Vancouver City Council required each number of the City’s staff to make “due provision in case of sickness or death” as it would not be responsible. The case of an abandoned three month old child was referred to the Health Committee. Tenders were advertised to finance $4,000 for Civic Improvements and (in spite of opposition) for $90,000 for Electric Lights A chimney was authorized to be added to the cemetery house, and ventilation for new hospital.
Illustration: City of Vancouver Archives photo AM54-S4-: Dist P9
[The first caretaker’s cottage at Mountain View Cemetery near Bodwell Road (33rd Avenue) and North Road (Fraser Street)]
Document: City of Vancouver Archives COV-S36–
By-law no. 121 : a by-law to establish rules, regulations, etc. for the interment of the dead in cemeteries and burial places controlled by the City of Vancouver
Board of Works recommends street signs with 4 inch letters painted on wood or tin with white letters on black background. W. L. MacDonald appointed as cemetery keeper; a three room house to be built for him and his family at the cemetery gates. Lamplighter J. Mahoney presents a bill for $9.00.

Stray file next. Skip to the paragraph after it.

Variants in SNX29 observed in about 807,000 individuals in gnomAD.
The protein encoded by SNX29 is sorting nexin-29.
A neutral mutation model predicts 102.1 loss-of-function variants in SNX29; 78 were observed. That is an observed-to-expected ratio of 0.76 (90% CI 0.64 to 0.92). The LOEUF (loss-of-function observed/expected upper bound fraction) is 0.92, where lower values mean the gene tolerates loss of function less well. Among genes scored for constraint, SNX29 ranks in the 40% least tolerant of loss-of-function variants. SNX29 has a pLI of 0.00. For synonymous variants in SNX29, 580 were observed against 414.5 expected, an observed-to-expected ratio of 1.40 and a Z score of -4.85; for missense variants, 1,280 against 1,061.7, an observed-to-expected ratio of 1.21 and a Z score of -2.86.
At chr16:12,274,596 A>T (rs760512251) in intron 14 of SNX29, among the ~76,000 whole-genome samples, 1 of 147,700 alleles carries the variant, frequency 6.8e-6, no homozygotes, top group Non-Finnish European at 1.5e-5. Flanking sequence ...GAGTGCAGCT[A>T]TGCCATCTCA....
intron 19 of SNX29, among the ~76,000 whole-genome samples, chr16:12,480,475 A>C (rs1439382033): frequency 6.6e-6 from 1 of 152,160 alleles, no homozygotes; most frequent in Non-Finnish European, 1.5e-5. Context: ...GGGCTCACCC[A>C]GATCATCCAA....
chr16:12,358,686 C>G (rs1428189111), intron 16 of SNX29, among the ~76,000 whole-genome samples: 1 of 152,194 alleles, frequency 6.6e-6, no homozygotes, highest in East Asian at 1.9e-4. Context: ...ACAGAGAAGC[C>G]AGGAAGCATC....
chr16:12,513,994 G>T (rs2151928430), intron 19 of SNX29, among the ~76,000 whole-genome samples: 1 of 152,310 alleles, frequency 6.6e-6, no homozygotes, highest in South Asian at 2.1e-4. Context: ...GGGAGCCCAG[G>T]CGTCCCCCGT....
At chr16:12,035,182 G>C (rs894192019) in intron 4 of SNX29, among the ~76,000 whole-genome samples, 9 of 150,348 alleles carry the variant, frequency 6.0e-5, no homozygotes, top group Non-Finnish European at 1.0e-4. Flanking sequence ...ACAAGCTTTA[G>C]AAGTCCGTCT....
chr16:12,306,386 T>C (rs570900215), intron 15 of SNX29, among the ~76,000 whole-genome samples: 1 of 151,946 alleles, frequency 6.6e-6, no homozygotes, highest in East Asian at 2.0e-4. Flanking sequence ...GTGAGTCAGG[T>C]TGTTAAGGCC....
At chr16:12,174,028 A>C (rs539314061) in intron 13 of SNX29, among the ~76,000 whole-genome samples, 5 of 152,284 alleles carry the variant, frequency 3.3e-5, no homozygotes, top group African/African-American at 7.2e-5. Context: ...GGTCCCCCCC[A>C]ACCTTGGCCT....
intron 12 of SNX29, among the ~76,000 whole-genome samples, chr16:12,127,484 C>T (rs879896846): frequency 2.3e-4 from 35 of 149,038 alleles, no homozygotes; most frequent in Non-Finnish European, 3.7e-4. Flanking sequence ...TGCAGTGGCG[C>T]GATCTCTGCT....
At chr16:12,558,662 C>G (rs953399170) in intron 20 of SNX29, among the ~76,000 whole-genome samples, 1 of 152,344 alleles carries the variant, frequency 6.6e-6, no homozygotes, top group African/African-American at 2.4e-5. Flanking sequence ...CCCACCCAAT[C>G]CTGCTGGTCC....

A house to be built for the use of the caretaker and sexton of the public cemetery, and a salary of $40 per month be offered.City Council supports the establishment of a Government of Canada experimental farm in Coquitlam. The City to purchase Lots one to ten, Block 38 District Lot 541 from the CPR at $250.00 each in order to build a hospital. Hospital to be built on the plans drafted by A. E. McCartney.
The Vancouver Iron Works Company was exempted from all municipal taxation for ten years. City accepted offer from Mr. J. J. Irwin to purchase 19 feet along Cambie Street and 33 feet along Cordova Street for $400.00. The city Chain Gang be utilized to do the work requested along Abbott Street. A cost of two dollars and fifty cents set for a cemetery plot large enough for a single burial, a whole plot costing twenty five dollars and a quarter plot eight dollars.